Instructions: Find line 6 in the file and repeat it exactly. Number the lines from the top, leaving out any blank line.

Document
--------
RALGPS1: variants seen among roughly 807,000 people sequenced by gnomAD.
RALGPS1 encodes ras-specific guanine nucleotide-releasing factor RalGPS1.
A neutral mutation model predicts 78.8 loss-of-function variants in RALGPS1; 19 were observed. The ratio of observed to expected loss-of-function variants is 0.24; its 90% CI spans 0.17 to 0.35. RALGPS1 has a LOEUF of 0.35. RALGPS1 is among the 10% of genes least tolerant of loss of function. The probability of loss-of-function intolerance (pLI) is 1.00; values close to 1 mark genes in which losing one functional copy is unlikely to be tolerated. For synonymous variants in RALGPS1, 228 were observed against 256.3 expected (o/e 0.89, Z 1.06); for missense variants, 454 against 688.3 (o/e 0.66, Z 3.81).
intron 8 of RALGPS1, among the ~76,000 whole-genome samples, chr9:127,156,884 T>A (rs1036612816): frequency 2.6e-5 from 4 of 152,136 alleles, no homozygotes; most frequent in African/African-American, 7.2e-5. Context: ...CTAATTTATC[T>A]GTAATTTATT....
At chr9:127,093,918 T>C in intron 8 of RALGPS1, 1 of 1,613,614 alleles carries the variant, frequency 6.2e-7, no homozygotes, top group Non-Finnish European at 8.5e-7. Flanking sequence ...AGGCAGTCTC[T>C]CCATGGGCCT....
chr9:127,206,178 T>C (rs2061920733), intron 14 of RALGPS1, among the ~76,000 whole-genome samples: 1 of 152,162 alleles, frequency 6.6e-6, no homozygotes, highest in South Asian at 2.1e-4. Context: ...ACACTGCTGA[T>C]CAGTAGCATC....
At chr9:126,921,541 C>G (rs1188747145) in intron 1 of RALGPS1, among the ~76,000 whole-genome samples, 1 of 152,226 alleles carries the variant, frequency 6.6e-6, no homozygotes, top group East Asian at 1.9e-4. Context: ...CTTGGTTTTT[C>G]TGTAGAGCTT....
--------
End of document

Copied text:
chr9:127,206,178 T>C (rs2061920733), intron 14 of RALGPS1, among the ~76,000 whole-genome samples: 1 of 152,162 alleles, frequency 6.6e-6, no homozygotes, highest in South Asian at 2.1e-4. Context: ...ACACTGCTGA[T>C]CAGTAGCATC....